As we look into the new year, let's start with the most primal theatrical basics: stories. A quintessential tale-teller will transport us across oceans and deserts, pursuing the big mysteries, in Ibsen's classic Peer Gynt. Portland Stage Company partners with Figures of Speech Theatre for its season opener, and will animate the charismatic Peer's yarns using puppets, actors, and shadow play (January 27-February 22).
Writers, as a particular breed of storyteller, have their own special occupational hazards. The protagonist of City of Angels, for example, gets a little lost in his own head as he adapts his novel for the stage. Characters move readily between fantasy and reality in this musical detective show, which goes up at Lyric Music Theater (February 20-March 8). The line between fiction and real life blurs in a different way in Collected Stories, the season premiere of the Public Theatre (January 23-February 1): As a writer and her protûgûe grow intimate, then fall out, they must address whether any material is sacred when an author is writing to win.
On the opposite end of the tale-telling spectrum are actors, whose antics are worthy of a genre all their own: The backstage farce. Come spring, the Good Theater will bring us Moss Hart's classic specimen, Light Up the Sky (April 16-May 10), set in the leading lady's hotel suite.
But let's move on to some other vocations and avocations. Richard Feynman was a Nobel-winning physicist and developer of the atomic bomb, but he also enjoyed playing the bongos. His wit and eccentricities drive QED, a one-man show to be staged at the Theater Project, starring Christopher Price (January 30-February 15).
Vocation and avocation are subjects of some contention in Sarah Ruhl's The Clean House, the season opener of Mad Horse (January 22-February 8): Lane's maid Matilde hates to clean and wants to be a stand-up comic. Lane's sister Virginia loves to clean. Lane herself is a rich doctor and needn't clean at all. Upheaval all around, as well as dirt, jokes, and romance.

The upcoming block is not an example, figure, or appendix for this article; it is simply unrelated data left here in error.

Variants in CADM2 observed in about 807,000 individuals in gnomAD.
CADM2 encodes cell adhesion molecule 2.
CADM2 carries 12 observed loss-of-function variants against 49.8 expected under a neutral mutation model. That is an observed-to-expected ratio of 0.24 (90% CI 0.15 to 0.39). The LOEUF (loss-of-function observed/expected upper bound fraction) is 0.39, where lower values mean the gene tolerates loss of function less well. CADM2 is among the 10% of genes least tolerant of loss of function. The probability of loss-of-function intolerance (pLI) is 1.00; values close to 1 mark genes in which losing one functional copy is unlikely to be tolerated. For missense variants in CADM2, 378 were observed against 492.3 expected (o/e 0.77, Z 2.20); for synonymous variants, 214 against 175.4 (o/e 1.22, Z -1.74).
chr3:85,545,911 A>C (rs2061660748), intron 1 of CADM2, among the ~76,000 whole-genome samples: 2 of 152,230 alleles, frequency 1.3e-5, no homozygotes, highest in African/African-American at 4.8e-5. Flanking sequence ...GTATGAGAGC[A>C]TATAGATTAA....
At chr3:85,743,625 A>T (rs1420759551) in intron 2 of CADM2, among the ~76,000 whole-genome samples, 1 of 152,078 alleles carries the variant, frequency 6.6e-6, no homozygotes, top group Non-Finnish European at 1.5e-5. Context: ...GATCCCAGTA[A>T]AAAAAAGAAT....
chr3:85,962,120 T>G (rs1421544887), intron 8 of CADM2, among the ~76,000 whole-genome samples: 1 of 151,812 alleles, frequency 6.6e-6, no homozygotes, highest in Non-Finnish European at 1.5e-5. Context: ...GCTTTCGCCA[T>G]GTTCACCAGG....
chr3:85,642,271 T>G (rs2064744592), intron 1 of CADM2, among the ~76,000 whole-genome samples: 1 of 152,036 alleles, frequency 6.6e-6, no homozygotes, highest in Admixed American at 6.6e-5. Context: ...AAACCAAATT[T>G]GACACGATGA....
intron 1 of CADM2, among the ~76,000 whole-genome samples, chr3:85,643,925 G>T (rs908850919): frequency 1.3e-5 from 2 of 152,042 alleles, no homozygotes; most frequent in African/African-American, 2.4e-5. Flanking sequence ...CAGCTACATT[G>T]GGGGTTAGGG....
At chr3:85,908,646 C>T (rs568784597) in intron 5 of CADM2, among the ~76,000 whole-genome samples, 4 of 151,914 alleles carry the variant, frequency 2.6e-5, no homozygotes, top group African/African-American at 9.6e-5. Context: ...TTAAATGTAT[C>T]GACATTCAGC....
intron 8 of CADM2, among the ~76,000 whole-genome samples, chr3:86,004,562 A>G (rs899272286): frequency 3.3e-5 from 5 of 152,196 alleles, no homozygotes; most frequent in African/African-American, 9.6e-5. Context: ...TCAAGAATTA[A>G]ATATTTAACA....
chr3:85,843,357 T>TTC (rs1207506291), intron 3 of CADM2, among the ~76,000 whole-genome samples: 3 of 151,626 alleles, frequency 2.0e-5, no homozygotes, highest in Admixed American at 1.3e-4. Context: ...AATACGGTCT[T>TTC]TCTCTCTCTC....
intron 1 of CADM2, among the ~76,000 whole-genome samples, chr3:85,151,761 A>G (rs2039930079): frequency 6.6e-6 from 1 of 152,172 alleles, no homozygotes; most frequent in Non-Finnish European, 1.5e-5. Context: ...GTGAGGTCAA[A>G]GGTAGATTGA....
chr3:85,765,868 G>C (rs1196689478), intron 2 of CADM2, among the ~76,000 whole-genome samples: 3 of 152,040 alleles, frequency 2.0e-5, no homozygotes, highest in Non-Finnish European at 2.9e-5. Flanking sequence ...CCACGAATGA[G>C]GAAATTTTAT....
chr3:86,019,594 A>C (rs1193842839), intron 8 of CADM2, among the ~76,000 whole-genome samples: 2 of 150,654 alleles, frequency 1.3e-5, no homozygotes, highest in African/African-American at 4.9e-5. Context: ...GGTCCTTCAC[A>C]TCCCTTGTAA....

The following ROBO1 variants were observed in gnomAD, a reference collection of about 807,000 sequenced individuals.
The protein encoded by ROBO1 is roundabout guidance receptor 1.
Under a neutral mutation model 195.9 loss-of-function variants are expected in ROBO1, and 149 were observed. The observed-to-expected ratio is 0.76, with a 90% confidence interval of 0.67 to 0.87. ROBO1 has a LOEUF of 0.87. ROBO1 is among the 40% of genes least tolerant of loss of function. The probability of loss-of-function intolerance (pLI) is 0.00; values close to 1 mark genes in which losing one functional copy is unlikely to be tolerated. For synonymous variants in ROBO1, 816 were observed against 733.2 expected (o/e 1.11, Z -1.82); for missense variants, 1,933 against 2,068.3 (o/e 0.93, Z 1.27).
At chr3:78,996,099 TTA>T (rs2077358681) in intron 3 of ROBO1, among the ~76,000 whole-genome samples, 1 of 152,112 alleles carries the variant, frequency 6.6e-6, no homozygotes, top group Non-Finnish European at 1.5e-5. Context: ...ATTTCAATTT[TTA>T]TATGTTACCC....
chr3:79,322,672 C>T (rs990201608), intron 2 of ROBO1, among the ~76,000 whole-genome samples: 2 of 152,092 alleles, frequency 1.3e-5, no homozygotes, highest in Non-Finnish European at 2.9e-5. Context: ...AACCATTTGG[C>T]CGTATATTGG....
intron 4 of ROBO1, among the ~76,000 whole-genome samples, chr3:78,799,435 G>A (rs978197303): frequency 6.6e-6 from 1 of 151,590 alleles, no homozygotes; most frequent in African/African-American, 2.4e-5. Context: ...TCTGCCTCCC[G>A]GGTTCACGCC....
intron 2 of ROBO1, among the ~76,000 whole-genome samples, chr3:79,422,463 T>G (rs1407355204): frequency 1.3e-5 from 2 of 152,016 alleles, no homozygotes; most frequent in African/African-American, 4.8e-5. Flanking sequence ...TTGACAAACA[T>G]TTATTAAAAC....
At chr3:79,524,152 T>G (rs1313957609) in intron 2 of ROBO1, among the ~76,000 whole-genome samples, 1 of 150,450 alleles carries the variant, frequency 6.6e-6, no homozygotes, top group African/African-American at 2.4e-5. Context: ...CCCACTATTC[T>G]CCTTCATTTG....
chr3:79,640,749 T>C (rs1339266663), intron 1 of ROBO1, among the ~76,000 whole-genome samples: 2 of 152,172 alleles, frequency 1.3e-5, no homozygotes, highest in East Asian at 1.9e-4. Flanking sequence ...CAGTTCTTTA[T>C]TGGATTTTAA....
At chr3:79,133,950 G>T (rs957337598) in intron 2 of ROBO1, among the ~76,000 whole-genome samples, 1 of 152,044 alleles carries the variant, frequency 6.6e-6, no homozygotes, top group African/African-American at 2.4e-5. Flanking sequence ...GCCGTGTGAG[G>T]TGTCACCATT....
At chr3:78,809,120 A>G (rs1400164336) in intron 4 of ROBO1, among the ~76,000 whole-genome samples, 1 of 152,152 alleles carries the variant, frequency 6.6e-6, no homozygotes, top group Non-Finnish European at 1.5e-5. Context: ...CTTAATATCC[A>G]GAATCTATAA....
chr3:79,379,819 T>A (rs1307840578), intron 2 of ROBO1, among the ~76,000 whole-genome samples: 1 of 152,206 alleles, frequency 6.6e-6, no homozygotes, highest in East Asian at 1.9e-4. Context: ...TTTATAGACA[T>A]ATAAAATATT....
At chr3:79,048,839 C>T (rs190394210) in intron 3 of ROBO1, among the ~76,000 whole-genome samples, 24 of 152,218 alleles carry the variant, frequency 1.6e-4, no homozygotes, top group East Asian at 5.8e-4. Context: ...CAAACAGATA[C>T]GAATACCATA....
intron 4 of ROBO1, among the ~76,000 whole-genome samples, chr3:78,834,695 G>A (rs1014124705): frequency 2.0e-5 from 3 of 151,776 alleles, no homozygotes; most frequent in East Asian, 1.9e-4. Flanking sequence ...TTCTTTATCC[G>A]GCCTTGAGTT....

Romance can also be had this summer at the Maine State Music Theatre, in Light in the Piazza (June 3-30), the numerous-award-winning musical set in the Tuscan countryside. The wife of an American businessman, touring Italy with her daughter, worries when the young girl falls in love with an Italian. A tragic secret is the cause of all the strife.
Of course, not everyone can watch their own epics play out in Tuscany and leisure. In The Poor of Portland, the American Irish Repertory Ensemble's spring show (May 14-31), melodramatics happen right in our own city. Adapted by AIRE from The Poor of New York, it features young lovers to sigh for and villains to hiss at. Another show with some class consciousness goes up at the Good Theater, as its season premiere: A Funny Thing Happened on the Way to the Forum, Sondheim's delicious send-up of social strata à la ancient Rome (January 22-February 15). And those archetypal folks of the brought-low Dust Bowl stratum, the Joads, will also come to Seacoast Repertory in The Grapes of Wrath (May 8-31).
Social strife will be evoked on stage in several other shows over the coming year. Moonchildren, for example, a comedy to be staged by USM (February 12-15), chronicles the doings of eight college students during the turbulent 1960s. And Lyric Music Theater will mount the louche nightclub dissolution of Germany on the brink of war, in Cabaret (April 24-May17).